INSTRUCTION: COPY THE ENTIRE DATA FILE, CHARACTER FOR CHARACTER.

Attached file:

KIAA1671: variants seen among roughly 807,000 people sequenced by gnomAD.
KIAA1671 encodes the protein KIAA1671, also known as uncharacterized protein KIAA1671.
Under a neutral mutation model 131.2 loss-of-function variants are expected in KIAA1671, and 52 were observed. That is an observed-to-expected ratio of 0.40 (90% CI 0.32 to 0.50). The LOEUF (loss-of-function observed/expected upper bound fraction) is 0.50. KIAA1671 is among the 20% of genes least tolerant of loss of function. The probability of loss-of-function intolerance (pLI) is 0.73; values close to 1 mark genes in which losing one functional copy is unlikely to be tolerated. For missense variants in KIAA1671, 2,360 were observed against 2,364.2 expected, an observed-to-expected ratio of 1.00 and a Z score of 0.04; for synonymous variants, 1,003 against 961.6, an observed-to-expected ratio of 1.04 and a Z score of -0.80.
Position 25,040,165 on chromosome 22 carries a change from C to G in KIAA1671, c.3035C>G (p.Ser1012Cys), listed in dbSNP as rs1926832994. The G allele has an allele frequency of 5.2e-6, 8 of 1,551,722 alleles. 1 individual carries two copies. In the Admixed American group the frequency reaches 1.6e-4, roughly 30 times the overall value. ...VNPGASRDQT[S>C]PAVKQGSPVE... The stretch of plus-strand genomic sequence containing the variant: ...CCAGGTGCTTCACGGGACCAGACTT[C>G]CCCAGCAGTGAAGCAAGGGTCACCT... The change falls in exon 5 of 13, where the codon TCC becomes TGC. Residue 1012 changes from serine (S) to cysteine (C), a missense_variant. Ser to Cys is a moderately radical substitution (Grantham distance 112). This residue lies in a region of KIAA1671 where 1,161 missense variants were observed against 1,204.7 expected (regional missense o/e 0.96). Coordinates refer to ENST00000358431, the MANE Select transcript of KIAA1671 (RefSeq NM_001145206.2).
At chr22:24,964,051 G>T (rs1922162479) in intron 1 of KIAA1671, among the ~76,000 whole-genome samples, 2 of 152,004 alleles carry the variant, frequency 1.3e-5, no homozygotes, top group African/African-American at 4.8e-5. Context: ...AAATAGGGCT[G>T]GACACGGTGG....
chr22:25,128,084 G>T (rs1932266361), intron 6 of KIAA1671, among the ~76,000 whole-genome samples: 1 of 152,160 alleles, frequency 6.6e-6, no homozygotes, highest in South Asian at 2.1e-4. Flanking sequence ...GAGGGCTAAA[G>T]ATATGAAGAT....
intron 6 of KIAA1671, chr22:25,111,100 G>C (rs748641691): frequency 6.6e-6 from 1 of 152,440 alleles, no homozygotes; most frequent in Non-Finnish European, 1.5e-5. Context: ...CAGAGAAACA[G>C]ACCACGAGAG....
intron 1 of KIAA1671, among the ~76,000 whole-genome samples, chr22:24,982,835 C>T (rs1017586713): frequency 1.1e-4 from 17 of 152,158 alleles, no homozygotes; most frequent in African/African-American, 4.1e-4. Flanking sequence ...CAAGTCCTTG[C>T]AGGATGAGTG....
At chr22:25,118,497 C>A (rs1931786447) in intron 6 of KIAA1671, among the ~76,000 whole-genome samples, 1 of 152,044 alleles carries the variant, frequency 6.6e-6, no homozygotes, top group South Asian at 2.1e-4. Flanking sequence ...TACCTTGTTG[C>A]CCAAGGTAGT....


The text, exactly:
KIAA1671: variants seen among roughly 807,000 people sequenced by gnomAD.
KIAA1671 encodes the protein KIAA1671, also known as uncharacterized protein KIAA1671.
Under a neutral mutation model 131.2 loss-of-function variants are expected in KIAA1671, and 52 were observed. That is an observed-to-expected ratio of 0.40 (90% CI 0.32 to 0.50). The LOEUF (loss-of-function observed/expected upper bound fraction) is 0.50. KIAA1671 is among the 20% of genes least tolerant of loss of function. The probability of loss-of-function intolerance (pLI) is 0.73; values close to 1 mark genes in which losing one functional copy is unlikely to be tolerated. For missense variants in KIAA1671, 2,360 were observed against 2,364.2 expected, an observed-to-expected ratio of 1.00 and a Z score of 0.04; for synonymous variants, 1,003 against 961.6, an observed-to-expected ratio of 1.04 and a Z score of -0.80.
Position 25,040,165 on chromosome 22 carries a change from C to G in KIAA1671, c.3035C>G (p.Ser1012Cys), listed in dbSNP as rs1926832994. The G allele has an allele frequency of 5.2e-6, 8 of 1,551,722 alleles. 1 individual carries two copies. In the Admixed American group the frequency reaches 1.6e-4, roughly 30 times the overall value. ...VNPGASRDQT[S>C]PAVKQGSPVE... The stretch of plus-strand genomic sequence containing the variant: ...CCAGGTGCTTCACGGGACCAGACTT[C>G]CCCAGCAGTGAAGCAAGGGTCACCT... The change falls in exon 5 of 13, where the codon TCC becomes TGC. Residue 1012 changes from serine (S) to cysteine (C), a missense_variant. Ser to Cys is a moderately radical substitution (Grantham distance 112). This residue lies in a region of KIAA1671 where 1,161 missense variants were observed against 1,204.7 expected (regional missense o/e 0.96). Coordinates refer to ENST00000358431, the MANE Select transcript of KIAA1671 (RefSeq NM_001145206.2).
At chr22:24,964,051 G>T (rs1922162479) in intron 1 of KIAA1671, among the ~76,000 whole-genome samples, 2 of 152,004 alleles carry the variant, frequency 1.3e-5, no homozygotes, top group African/African-American at 4.8e-5. Context: ...AAATAGGGCT[G>T]GACACGGTGG....
chr22:25,128,084 G>T (rs1932266361), intron 6 of KIAA1671, among the ~76,000 whole-genome samples: 1 of 152,160 alleles, frequency 6.6e-6, no homozygotes, highest in South Asian at 2.1e-4. Flanking sequence ...GAGGGCTAAA[G>T]ATATGAAGAT....
intron 6 of KIAA1671, chr22:25,111,100 G>C (rs748641691): frequency 6.6e-6 from 1 of 152,440 alleles, no homozygotes; most frequent in Non-Finnish European, 1.5e-5. Context: ...CAGAGAAACA[G>C]ACCACGAGAG....
intron 1 of KIAA1671, among the ~76,000 whole-genome samples, chr22:24,982,835 C>T (rs1017586713): frequency 1.1e-4 from 17 of 152,158 alleles, no homozygotes; most frequent in African/African-American, 4.1e-4. Flanking sequence ...CAAGTCCTTG[C>T]AGGATGAGTG....
At chr22:25,118,497 C>A (rs1931786447) in intron 6 of KIAA1671, among the ~76,000 whole-genome samples, 1 of 152,044 alleles carries the variant, frequency 6.6e-6, no homozygotes, top group South Asian at 2.1e-4. Flanking sequence ...TACCTTGTTG[C>A]CCAAGGTAGT....